Describing and Documenting Your Prints- Pt. 1

Learning to correctly document your prints as you submit them for shows or to sell them to the public is an important skill. The PrintMatters exhibition committee has consulted with Dena M. Woodall, Associate Curator of Prints & Drawings at the Museum of Fine Arts, Houston to come up with  a set of guidelines to help us in that process. I thought it would be helpful to have a conversation with Dena to try to understand why some of the terms have changed and why this is so important to all of us as artists.

Chris: I’m talking to Dena Woodall. First, I’d like to get a feel for the way things are changing in the curatorial world regarding the labeling of works on paper.

Dena: I think prints and drawings curators have always been particularly interested in trying to relay exactly what people are looking at- the printmaking techniques and the working methods of printmakers. On a larger scale, as we begin to put our museum collections online for the public to see, we are scrutinizing the terms we are using even more. We aren’t there yet, but we’re working on systemizing our classifications of medium, of artists’ nationalities and of various other specific things. We are also trying to make sure that the master printers and publishers are noted. With that, comes looking at how we identify each type of print and making it more coherent.

Chris: So it’s driven by the digital world, partly and it’s a matter of coherence and clarification.

For those who haven’t heard of the Print Council of America, Dena says that it’s a group of prints and drawings curators and scholars who formed this group and they meet every year. You have to have curatorial experience and be nominated by existing Council members. They have regular conferences at which all these issues are discussed.

Dena: It’s the sixtieth anniversary of the Print Council of America. At the conferences, there was a push early on in those years to standardize what is considered an original print and other issues related to prints such as the care of prints and guidelines for the lending works of art on paper. From that, I think we’ve moved along into being even clearer with our classifications and to consideration of new types of print media. With the arrival of the digital world and putting our objects online, with having it more accessible to the public, I find it very tricky when so much of the public isn’t familiar with printmaking techniques. But if everyone is using different words for the same thing, then we’re actually doing a disservice to our public. It is time for us to consolidate these terms in print vocabulary.

Chris: Exactly. Would you say this movement has been over the last five years? Last ten years? Or longer?

Dena: I would say longer. As we move into looking at newer types of printmaking techniques, we’re able to classify those older ones as well.

Chris: Is there controversy?

Dena: Not controversy, exactly. But take, for example, the stencil method of screenprint.  With the term screenprint there was always this sort of competition…as there was with every facet of printmaking…between the commercial and fine art printing. So screenprints were called serigraph to distinguish that as the fine art print. As we’ve evolved and moved on where this is a mainstay technique, we’re able to reassess it and say, “We can call it screenprint and it’s still a fine art print.” You don’t have to legitimize it. I think we’re running into the same issues with digital prints. People label works “archival pigment print”. What does that mean? It’s a vague term, often used by art dealers and being perpetuated to lift up the technique. We don’t need to do that.  It can be, for example, an inkjet print that is also an original print based on the fact that the medium is being used for its specific qualities and not just a one-to-one reproduction of an image first produced in another medium, like painting. There shouldn’t be these skewed ways of approaching this issue. For people who appreciate prints, we should call it as we see it.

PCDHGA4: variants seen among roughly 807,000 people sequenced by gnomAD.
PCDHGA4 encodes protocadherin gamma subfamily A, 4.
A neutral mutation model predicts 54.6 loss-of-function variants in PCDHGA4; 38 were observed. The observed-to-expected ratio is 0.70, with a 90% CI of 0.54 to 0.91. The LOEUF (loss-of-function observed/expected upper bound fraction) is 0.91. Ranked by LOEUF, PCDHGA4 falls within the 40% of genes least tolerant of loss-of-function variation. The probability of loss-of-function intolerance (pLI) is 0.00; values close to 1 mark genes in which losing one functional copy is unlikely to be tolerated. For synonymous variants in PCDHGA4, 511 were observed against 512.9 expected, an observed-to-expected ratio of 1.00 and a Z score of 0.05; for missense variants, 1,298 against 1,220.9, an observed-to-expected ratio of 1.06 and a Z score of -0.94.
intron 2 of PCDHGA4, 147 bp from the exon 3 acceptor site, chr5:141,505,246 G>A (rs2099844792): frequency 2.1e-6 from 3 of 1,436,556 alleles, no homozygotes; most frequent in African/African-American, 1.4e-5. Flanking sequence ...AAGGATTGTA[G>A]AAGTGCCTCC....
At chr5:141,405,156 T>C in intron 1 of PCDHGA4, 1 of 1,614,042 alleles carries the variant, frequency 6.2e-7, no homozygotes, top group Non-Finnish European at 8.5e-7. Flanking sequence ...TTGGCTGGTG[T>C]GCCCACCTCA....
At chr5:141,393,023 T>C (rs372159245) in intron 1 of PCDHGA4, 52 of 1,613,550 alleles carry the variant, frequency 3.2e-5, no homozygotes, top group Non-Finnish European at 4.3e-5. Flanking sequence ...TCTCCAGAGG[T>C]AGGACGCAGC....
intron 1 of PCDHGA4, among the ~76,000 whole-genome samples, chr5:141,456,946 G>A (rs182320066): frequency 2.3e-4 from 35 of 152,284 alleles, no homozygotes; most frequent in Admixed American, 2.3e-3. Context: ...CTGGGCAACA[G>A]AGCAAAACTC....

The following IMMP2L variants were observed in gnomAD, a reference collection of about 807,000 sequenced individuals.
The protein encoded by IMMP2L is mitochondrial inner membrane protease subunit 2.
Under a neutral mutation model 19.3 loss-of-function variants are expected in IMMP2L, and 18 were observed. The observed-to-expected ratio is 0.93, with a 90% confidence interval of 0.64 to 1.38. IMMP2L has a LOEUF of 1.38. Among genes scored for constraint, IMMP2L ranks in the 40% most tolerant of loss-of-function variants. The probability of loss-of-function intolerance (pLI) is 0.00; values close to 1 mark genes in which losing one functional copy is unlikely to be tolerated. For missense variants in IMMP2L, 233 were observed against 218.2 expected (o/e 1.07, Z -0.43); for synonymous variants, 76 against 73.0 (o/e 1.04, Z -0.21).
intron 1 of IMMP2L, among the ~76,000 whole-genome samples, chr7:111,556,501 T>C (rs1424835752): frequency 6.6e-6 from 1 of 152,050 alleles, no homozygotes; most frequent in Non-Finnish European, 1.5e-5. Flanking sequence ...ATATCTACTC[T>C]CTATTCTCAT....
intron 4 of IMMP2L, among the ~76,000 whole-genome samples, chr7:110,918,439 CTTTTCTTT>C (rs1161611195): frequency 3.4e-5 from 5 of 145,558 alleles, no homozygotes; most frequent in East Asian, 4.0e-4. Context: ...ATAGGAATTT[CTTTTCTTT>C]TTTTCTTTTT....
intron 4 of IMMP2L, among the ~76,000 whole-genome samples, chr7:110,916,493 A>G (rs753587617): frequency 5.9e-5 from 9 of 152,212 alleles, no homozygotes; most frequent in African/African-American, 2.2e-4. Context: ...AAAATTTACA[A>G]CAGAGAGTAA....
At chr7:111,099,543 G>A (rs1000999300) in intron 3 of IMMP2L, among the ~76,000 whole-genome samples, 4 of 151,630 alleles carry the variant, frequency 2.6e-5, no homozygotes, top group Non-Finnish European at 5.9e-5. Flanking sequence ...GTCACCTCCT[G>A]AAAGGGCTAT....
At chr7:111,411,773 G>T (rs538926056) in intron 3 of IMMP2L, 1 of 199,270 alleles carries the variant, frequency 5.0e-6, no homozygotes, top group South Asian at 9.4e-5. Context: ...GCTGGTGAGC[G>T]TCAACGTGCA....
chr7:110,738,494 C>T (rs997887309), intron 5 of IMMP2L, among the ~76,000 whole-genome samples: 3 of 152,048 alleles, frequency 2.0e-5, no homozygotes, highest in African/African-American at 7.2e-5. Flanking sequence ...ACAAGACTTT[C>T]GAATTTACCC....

Chris: Are the galleries on board with this?

Dena: I go to galleries and I tell them, “I think you need to change your terminology.” Or “What do you mean by that?” Remember, they’re trying to sell the work. I think it’s up to printmakers to write the terms consistently. State what the work is. If you have it all listed, there’s no need for anyone to even question it and people would start to understand the various printmaking techniques. We need standardization across the board. Some printmakers and print dealers cling to these terms because that’s what they were trained with. Different museums, however, sometimes have their own terminology and their own biases. Generally, we’re trying to be consistent to make it better for the public.

Chris: What happens when you end up with a whole paragraph on a tag?

Dena: We do the same thing when we think about drawings with collage. MOMA does this as well. We do this. We’re just listing everything: nails, screwdriver, pen, plaster……and it is a long laundry list at times. I think it’s better to state what all the elements are. If an object enters the MFAH collection, we ask the artist a list of questions including their practice and materials used. A conservator also reviews the object. We have to maintain these objects for years to come.

Chris: So it’s a maintenance or conservation issue also? It’s not just for the cataloguing of the museum.

Dena: It’s also for the care of the object in the future.

In Part Two, we’ll look at some members work and how Dena feels the work could best be identified.

Chris Fitzgerald
PrintMatters artist member Chris Fitzgerald lives and blogs in Houston, Texas.